Sunday, August 01, 2004

What about obligations?

Most of us feel plenty victimized in this world when our rights get stepped on. And most of us know what our rights are. They are spelled out in the first 10 amendments to our Constitution, and Congress has added a lot of laws to enforce them. But what about obligations? Do each of us have obligations? What would happen if we had a Bill of Obligations just as we have a Bill of Rights? What would you want in that list? We had an interesting discussion on this at the Billings Association of Humanists today. What would each of us include? What responsibilities do we have to ourselves? to society? to each other? What obligations do we have for honesty, citizenship, responsibility in the broader sense, etc.? For instance, if we don't wear a helmet, or a seat belt, what responsibilities do we have if we get into an accident and get hurt? What responsibilities do we bear toward what we use in common? We had some interesting answers. It is an interesting topic to think about.

2 Comments:

Blogger memer said...

Yes, that is a very interesting question. Neat idea, too, this Bill of Obligations. It is the 100 jillion bajillion dollar question.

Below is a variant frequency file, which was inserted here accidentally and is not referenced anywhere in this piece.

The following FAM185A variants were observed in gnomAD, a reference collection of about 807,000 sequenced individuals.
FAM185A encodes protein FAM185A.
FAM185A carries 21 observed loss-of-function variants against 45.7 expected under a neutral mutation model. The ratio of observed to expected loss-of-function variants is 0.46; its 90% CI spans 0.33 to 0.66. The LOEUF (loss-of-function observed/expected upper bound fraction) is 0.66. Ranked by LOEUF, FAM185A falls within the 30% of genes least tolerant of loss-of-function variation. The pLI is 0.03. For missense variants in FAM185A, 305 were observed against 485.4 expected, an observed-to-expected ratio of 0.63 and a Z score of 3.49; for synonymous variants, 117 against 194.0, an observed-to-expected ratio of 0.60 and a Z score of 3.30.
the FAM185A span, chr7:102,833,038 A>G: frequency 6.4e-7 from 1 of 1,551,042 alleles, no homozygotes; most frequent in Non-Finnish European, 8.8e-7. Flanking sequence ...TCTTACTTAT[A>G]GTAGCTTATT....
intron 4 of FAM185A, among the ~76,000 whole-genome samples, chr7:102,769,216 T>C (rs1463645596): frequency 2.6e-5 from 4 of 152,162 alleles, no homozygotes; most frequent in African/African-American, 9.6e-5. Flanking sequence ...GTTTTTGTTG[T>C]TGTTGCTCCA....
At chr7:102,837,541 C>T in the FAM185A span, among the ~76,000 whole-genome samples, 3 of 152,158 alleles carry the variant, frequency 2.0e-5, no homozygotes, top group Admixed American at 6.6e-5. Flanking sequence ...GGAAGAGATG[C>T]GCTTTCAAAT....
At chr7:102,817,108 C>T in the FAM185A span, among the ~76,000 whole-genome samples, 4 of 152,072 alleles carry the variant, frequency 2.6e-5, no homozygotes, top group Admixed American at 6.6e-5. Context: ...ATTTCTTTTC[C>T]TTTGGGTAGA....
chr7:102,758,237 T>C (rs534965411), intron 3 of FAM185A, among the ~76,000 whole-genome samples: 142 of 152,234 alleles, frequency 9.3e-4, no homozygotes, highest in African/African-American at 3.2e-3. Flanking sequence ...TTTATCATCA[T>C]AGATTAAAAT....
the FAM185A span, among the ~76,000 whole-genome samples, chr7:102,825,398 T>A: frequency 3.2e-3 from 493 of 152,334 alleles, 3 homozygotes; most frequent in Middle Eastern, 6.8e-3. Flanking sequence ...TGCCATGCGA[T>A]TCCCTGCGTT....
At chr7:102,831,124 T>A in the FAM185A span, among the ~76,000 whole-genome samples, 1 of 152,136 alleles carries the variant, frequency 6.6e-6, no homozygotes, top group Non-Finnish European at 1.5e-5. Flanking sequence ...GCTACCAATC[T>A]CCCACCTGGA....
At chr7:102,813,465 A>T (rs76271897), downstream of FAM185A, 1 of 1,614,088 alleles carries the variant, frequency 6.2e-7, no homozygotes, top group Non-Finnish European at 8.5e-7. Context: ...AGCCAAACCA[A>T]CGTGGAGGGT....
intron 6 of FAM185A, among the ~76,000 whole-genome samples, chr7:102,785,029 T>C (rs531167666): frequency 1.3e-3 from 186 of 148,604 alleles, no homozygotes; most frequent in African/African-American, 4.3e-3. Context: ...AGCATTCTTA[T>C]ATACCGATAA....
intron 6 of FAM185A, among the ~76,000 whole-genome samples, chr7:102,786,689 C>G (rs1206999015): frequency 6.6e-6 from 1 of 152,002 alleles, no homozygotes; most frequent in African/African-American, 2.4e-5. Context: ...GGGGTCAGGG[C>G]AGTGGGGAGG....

As a newly minted minarchist libertarian, I'm struggling with this idea of responsibility, too wrt brother's keeper stuff.

Still wrangling with it, but right now i'm leaning toward less obligations than more.

11:42 AM  
Blogger David Summerlin said...

We should be obligated to transparency. Deceit should not be permissible in the public sphere, so we should be obligated to keep our motives plainly visible.
We should be obligated to educate everyone and their children to the best of our abilities, no matter whether we have children of our own. If we are to believe that large populations are capable of weilding power and wealth on their own behalf, we should at least be obligated to a well-educated population with transparent motives.
We should be obligated to give of ourselves whatever we have. As long as everyone in a society commits to that, you'll never have to worry about getting ripped off. And if others won't commit, you don't have to feel ripped off. Cheaters cheat themselves.
Those are three pretty good obligations, and you can implement them in your own life whether or not anyone else chooses to. This is why "liberal" means "generous."

11:34 PM  

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